Saturday 22 October 2016

Could these five players feature for Ireland against England?

Tom Rooney

Published 24/02/2016 | 19:29

When Joe Schmidt names his Ireland side to face England tomorrow, the most pressing concern will be whether or not Jared Payne has been deemed fit to start, but the intrigue won’t stop there.

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It’s clear now, and completely understandable, that the Kiwi coach is not going to radically change his selection policy for a daunting trip to Twickenham, even if results in the previous two rounds mean a third successive Championship is near impossible.

However, without throwing the baby out with the bath water, it is possible for Schmidt to make some significant changes without fundamentally altering the blueprint.

England are two from two in the tournament thus far, but remain a formative entity under Eddie Jones. With respect to Scotland and Italy, Ireland, as injury laden as they are, represent the most exacting examination of the Australian’s brief tenure.

As such, with the hosts still forging their path as a side, they are a vulnerable target, who may be beguiled if Ireland throw some personnel curve balls at them. Still chasing a first win of the campaign, the champions are in need of a major boost.

Craig Gilroy

The Ulster wing was only called into camp this week as a replacement for Dave Kearney, and has featured just once under Schmidt. Gilroy certainly does not fit the mould of an archetypical Schmidt winger, but his assets are undeniable.

Unlike Andrew Trimble, Dave Kearney or Fergus McFadden, the 24-year-old is in receipt of genuine, searing pace. No facet is lacking more in the Irish camp.  He has five Pro 12 tries thus far this season, including a cracker against the Scarlets last weekend, and crossed the whitewash on 11 occasions last year.

It feels unlikely he’ll get a spot ahead of Keith Earls, Simon Zebo or Trimble, but his dynamism and willingness to have a cut, might just perturb Messers Brown, Watson and Nowell.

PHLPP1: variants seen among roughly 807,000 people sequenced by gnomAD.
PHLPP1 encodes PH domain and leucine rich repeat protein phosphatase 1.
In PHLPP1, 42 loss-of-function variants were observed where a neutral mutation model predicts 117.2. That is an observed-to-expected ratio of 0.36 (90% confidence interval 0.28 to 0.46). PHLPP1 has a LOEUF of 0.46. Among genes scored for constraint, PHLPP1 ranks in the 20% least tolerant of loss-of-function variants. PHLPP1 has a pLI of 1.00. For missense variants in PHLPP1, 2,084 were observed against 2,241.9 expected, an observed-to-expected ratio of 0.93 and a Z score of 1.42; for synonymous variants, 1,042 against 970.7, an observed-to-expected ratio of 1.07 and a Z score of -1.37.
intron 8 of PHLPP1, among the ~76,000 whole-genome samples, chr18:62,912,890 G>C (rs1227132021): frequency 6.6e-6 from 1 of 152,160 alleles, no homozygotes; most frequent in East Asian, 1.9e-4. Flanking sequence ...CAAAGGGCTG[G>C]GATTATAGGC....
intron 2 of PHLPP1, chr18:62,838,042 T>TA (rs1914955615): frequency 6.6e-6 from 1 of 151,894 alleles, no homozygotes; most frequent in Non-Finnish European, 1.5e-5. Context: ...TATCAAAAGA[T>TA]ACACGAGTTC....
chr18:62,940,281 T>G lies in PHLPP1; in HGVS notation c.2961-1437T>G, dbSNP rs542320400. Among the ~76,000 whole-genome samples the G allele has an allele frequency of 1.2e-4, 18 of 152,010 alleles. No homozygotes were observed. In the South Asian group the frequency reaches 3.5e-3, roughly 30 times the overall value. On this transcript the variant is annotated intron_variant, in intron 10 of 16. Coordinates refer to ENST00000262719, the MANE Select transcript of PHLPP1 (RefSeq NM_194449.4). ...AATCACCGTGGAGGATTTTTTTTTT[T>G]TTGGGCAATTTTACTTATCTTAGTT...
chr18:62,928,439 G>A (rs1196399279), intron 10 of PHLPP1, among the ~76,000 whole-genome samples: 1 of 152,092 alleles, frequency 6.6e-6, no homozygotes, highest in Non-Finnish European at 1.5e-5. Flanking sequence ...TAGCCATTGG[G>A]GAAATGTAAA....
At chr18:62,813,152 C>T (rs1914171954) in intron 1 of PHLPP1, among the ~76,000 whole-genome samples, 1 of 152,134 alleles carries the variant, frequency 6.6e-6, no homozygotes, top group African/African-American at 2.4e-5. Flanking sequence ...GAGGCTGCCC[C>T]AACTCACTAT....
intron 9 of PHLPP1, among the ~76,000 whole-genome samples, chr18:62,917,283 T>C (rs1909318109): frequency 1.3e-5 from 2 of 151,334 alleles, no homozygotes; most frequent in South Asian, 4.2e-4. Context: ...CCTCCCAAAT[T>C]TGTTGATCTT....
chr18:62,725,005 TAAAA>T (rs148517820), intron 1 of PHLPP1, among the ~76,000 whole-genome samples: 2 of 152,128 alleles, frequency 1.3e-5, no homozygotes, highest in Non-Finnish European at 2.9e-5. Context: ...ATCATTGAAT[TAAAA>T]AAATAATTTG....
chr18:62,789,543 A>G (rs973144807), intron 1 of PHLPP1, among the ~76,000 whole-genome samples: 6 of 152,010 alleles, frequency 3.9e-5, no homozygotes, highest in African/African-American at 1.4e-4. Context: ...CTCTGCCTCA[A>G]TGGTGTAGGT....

Stuart McCloskey

Few names feature more prominently than the centre's when the Schmidt detractors embark on a rant. If Payne does not recover in time, McCloskey might finally get the nod, with Robbie Henshaw donning the number 13 jersey. Still, a lá the World Cup, Keith Earls could slot in directly for the Kiwi.

Thing is, the English 10—12 axis of George Ford and Owen Farrell, lack ballast without someone like Brad Barritt.

They are undersized and still developing as a partnership, so the sight of the 17st bulldozer powering down their channel will not be a welcome one. Throw in McCloskey’s pace, footwork and offloading and, once more, a tentative side are being forced to combat an unknown quantity.

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The one caveat is asking Henshaw to defend the 13 channel for the first time at this level. While Jonathan Joseph has his flaws when defending, he is lethal with ball in hand, as evidenced by his hat trick in Rome. Also the exciting Wasps centre Elliot Daly has made Jones' 23, so it might be a step too far, even for Henshaw.

Josh Van Der Flier

Another tyro with zero Test experience. But, from a horses for courses perspective, the Leinster openside could be tailor-made for Twickenham. Sean O’Brien is gone, while Tommy O’Donnell has hardly put a foot wrong and is deserving of his place.

However, Van Der Flier is somewhat of a breakdown savant, a genuinely quality poacher. England’s back row of Robshaw, Haskell and Vunipola are abrasive and formidable but low on nous. Vunipola excluded, their contribution come ruck time is rarely more than clear outs.


Van Der Flier covers ground at an incredible rate, and might just have the speed of foot and thought to slow and downright steal English ball. His carrying and defence are not lacking in heft either and his Ireland introduction is inevitable,  so it may as well be now.

Paddy Jackson

The first on the list that  would take his place on the bench if selected. Ian Madigan’s versatility and place kicking should not be overlooked, but Jackson has marshalled a very impressive Ulster back line this season and deserves his shot.

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He takes the ball flat on the gain line and, if Ireland are still within touching distance at 60 minutes, he has the guile to up the tempo and burden tiring English limbs.

If Sexton does not finish the game for a third time in as many rounds, Ireland are better served having a number 10 who has been performing the role admirably week in, week out all season.

Ultan Dillane

Mike McCarthy’s season ending concussion means that the Connacht lock should get a place on the bench this weekend. Devin Toner and Donnacha Ryan will comprise the second row, which allows the uncapped Dillane to show himself as a potent impact player.


His has the type of power and athleticism Ireland have missed without Ian Henderson, though Dillane has a way to go before being considered in the same light as the injured Ulsterman. That said, from lock, Ireland need more destructive ball carrying, and the young Kerry native just might provide it. 

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